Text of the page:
last week helping mother. Rachel and Jack."
Of such is the hope of the world,
' ' i "
"Berlin by Christmas" supPosen they get
When Carranza gets through with "Villa
there won't be much left of Carranza.
Only 81 fejelgn-bullt vessels admlttod to
American registry isn't exactly what we ex
. peeted. -
it tha railroads will clve fre farms to Bel.
glan patrons, what will the steamship lines
do to get a little more business?
If Gurmany really gave Turkey J16,(WO,00
for oomlng Into the war, the Turks have the
Swiss baeked into a corner as niwcenarjw.
The nan who tried to ljrja,K into a Camden
jail jnunt have feeon horrified at thp aruelty of
tfte Judge who soot him ta another lockup.
The peaoe people ought to preoenfa medal
ta the manufacturer of war blankta who la
aoauMo of using shoddy. Hvery addition to
the borrorjt of Var weans law af it.
And yt a thaatro box Is not the ban pjaee
tor WaWgtBH tadios J piek out if tbay
want ta katt tar U B&rUn rugM. Fr
one thlotr, tM aren't enough to ga rowad.
Tna aklfift a ao bright thaso days wiu the
blua of ftJi that, a tba it-yTfliatar
aupw taw ajjpjv aajflgaa- BBay4pfBBaB BV"VMaPpMBjfr
uit Ir written m too ieya of la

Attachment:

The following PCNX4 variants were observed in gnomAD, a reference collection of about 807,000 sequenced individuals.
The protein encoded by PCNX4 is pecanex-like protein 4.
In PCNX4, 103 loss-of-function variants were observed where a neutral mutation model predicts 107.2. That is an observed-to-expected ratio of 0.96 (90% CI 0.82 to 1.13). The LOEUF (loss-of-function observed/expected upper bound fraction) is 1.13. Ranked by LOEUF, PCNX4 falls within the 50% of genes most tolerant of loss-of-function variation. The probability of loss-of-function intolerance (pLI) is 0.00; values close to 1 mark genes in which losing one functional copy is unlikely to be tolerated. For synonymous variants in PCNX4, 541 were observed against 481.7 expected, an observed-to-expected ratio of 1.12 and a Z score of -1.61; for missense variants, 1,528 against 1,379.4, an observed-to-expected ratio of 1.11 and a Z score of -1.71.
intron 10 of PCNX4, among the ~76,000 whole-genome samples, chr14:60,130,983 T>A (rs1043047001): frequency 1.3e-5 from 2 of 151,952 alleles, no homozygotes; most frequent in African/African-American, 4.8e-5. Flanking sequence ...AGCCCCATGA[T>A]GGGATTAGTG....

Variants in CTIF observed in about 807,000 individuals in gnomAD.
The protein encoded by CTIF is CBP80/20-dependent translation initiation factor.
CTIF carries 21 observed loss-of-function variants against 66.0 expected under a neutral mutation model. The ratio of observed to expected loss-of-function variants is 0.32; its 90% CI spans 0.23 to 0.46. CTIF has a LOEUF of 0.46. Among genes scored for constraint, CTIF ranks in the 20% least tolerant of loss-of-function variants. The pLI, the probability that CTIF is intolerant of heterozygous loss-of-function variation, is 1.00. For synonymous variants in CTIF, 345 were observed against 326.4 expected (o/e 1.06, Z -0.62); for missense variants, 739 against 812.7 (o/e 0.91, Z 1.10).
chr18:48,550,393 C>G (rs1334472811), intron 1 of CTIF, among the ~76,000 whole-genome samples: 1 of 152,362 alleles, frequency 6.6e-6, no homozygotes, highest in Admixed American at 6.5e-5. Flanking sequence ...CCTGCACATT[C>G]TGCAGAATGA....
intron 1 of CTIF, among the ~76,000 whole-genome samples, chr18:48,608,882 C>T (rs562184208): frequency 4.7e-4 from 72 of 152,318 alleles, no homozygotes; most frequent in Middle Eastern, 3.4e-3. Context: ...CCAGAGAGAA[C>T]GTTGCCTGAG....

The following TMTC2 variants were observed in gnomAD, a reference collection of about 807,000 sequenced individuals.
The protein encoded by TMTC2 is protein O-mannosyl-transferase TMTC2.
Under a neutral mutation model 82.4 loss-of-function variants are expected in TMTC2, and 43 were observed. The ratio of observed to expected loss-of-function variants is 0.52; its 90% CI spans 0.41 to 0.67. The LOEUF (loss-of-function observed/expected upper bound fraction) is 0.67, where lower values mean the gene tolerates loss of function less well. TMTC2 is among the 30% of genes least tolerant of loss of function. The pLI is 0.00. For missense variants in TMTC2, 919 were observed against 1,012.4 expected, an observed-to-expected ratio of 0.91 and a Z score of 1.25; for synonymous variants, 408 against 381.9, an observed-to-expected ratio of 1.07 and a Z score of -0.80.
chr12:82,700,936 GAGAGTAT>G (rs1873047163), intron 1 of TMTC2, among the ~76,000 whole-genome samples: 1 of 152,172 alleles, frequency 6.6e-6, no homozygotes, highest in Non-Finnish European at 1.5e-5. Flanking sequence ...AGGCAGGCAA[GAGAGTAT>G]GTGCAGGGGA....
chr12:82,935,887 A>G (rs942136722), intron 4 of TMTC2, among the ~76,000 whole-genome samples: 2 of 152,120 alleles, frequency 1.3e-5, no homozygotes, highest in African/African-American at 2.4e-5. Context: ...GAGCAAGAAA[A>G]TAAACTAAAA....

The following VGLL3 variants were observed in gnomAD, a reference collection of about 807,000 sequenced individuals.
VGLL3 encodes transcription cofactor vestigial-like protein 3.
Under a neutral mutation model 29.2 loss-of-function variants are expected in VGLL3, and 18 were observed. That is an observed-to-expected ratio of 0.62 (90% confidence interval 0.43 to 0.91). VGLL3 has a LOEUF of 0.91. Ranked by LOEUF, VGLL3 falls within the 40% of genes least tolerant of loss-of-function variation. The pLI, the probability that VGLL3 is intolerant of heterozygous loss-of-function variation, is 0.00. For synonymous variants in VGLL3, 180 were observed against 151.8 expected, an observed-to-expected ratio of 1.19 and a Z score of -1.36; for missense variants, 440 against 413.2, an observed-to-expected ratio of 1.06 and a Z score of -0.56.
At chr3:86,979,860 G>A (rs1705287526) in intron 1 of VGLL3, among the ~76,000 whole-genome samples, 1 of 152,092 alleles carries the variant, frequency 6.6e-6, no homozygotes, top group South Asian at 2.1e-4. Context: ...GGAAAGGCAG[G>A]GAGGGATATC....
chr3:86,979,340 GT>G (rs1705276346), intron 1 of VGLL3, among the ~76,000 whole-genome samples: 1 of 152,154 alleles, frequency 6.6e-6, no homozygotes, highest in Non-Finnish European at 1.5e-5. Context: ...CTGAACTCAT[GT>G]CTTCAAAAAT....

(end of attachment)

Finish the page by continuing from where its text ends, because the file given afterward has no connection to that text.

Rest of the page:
tlla wanner. laatead, ta ky recall; ta
tttvB.ie f. im. mm if Ng fetfc
Reflections on the Philosophy of Accepting Things as They Come Sunny
Courage Takes the Sting Out of the Inevitable Mental
Depression Paralyzes Helpful Endeavor.
BLESSED la the man or woman who has
the knack of accepting thlnRfl as they arel
Those who, like tho frog In tho fable when
he fell Into tho mllkcan managed, neverthe
less, to kick enough cicnm from his liquid
environment to make a good-ilzcd pat of
butter on which he could float comfortably
till tho can wm emptied, can mnke the host
of the Inevitable nre the ones who nre going
to llo longest and mnko this old world most
endurable for their world-mate.
Not long ago a rector In one of our sub
uibnn Sunday schools wni propounding tho
letii.n wlii-n ho was suddenly Interrupted by
n curious mite of B with the query: "Say.
mlMer, do you wear pants under that black
curtain?" Do you think that the genial rec
tor was nonplussed that tho minds of his
nudlenco were so summarily led away from
the moral point up to which ho had been
so logically leading them? Do you think he
considered that tho Inquisitive youngster had
nrfronted the Church or his personal dig
nity? Not at nil! Smiling good-humorcdly
upon the Ind, he teplled. "Indeed I do, sonny!
ScoV" lifting his robe slightly that the child
mlgnt bo satisfied ns to tho truth of his an
swer. Supposo ho lmd administered a sharp
rebuke would It have letrloved tho situation
or havo silenced the Inevitable chuckle that
followed tho awkward question? By satisfy
ing ThoinnM. then going right on from tho
point of Intel ruptlnn. tho rector gained an
even stronger personal gilp on the attention